Similarly, the combination of cannabinoids with probiotic supplements allows users to target their gut health for a natural boost of immunity and anti-inflammation, with the additional benefit of anti-nausea properties in cannabinoids.
Supplements already are commonly used for exercise and performance, offering a seamless point of entry for fast-acting cannabinoid ingredients. Before a workout, a gummy combining CBD and caffeine can deliver clean energy and focus. During a long or particularly strenuous workout, a gummy combining sugar and CBD or THCV, a minor cannabinoid that leverages the energy of THC, can help provide a burst of energy while reducing pain and inflammation. Post workout, athletes can accelerate recovery with gummies that combine cannabinoids with other anti-inflammatory ingredients such as turmeric, ginger, cardamom, and more. Add on thermogenics such as apple cider vinegar, goji berries, and hot chili peppers to boost metabolism, and you have a holistic and natural workout solution.
Cannabinoids such as CBD and CBN long have been used to help regulate and encourage sleep, according to a review of the literature published in the peer-reviewed journal Current Psychiatry Reports. Infused gummies may leverage these properties in combination with other natural sleep enhancers such as melatonin, gamma aminobutyric acid (GABA), chamomile, valerian root, passionflower, and others. Compounding natural sleep aid properties, cannabinoid products can further challenge reliance on pharmaceutical sleep aids, connecting consumers with more natural and holistic solutions.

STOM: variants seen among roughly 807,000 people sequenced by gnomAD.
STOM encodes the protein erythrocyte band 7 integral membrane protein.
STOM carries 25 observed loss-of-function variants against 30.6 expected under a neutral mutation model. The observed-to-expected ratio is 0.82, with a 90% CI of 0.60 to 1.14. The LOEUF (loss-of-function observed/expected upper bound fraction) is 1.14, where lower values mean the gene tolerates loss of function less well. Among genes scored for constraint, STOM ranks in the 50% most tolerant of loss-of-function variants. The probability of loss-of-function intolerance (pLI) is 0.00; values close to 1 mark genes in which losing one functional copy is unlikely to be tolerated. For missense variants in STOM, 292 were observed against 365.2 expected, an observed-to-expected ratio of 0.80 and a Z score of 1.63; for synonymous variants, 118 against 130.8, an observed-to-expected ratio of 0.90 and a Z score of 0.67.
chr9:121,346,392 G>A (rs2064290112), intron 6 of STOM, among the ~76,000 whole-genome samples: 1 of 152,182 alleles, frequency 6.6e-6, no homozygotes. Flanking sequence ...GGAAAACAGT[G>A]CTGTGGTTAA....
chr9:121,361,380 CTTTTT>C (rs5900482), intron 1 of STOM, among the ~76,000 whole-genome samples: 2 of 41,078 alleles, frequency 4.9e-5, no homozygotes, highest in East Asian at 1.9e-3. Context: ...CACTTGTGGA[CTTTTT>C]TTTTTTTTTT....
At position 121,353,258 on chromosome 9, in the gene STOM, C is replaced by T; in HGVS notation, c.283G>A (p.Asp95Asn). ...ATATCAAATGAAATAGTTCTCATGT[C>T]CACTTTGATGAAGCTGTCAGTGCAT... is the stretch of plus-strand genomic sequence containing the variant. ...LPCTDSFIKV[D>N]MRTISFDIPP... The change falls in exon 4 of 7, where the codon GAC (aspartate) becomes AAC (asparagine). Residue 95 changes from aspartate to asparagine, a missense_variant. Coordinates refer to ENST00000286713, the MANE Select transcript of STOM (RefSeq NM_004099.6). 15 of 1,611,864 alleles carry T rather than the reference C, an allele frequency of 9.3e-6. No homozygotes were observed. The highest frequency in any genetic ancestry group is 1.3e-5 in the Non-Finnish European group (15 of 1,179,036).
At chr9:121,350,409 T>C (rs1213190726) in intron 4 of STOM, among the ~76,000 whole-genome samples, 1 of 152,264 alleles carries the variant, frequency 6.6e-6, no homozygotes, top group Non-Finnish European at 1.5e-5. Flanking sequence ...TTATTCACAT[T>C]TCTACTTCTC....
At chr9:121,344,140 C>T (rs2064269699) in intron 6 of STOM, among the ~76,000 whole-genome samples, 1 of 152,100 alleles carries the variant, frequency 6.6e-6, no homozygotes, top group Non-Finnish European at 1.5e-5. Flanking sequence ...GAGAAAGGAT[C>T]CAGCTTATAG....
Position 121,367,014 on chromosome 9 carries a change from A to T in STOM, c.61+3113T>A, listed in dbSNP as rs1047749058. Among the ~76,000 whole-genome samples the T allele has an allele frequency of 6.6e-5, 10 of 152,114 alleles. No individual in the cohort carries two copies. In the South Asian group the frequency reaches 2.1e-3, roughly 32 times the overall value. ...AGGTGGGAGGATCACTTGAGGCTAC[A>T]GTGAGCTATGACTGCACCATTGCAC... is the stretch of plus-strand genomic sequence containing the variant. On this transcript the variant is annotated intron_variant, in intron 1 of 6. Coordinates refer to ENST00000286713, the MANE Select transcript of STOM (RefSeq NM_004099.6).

To help ensure the positive impact and long-term success of cannabis ingestibles, products must perform as advertised. In a sector like wellness, which has a troubled history with products that are either ineffective or flat-out harmful, it is particularly vital that infused products actually work, meaning the cannabinoid ingredient is bioavailable and consumers can feel the supplement working. Many consumers are looking for a physical sensation, a trigger that signals to the brain “this product is working” (e.g., the jitters someone experiences when they consume a lot of caffeine). When manufacturers design cannabis experiences, it’s critical to consider bioavailability in their product design.
Clearly, the growing market opportunity for infused gummies also comes with serious responsibilities. This new generation of wellness options will shape the public’s relationship with cannabinoids for years to come. As the industry redoubles its commitment to quality and safety, it is likewise a collective responsibility to advocate for increased research, better regulation, and more access to funding in order to tap the true potential for health and healing that cannabis products offer.
As chief innovation officer at Vertosa, Austin Stevenson facilitates partnerships with leading brands to produce cannabinoid-infused cold-brew coffee, beer, wine, fresh juice, and topicals. Previously, he leveraged bio-tech experience building the regulatory hemp/CBD testing program for Eurofins. Stevenson is also a former management associate for Citi, where he worked to fund minority- and women-owned businesses.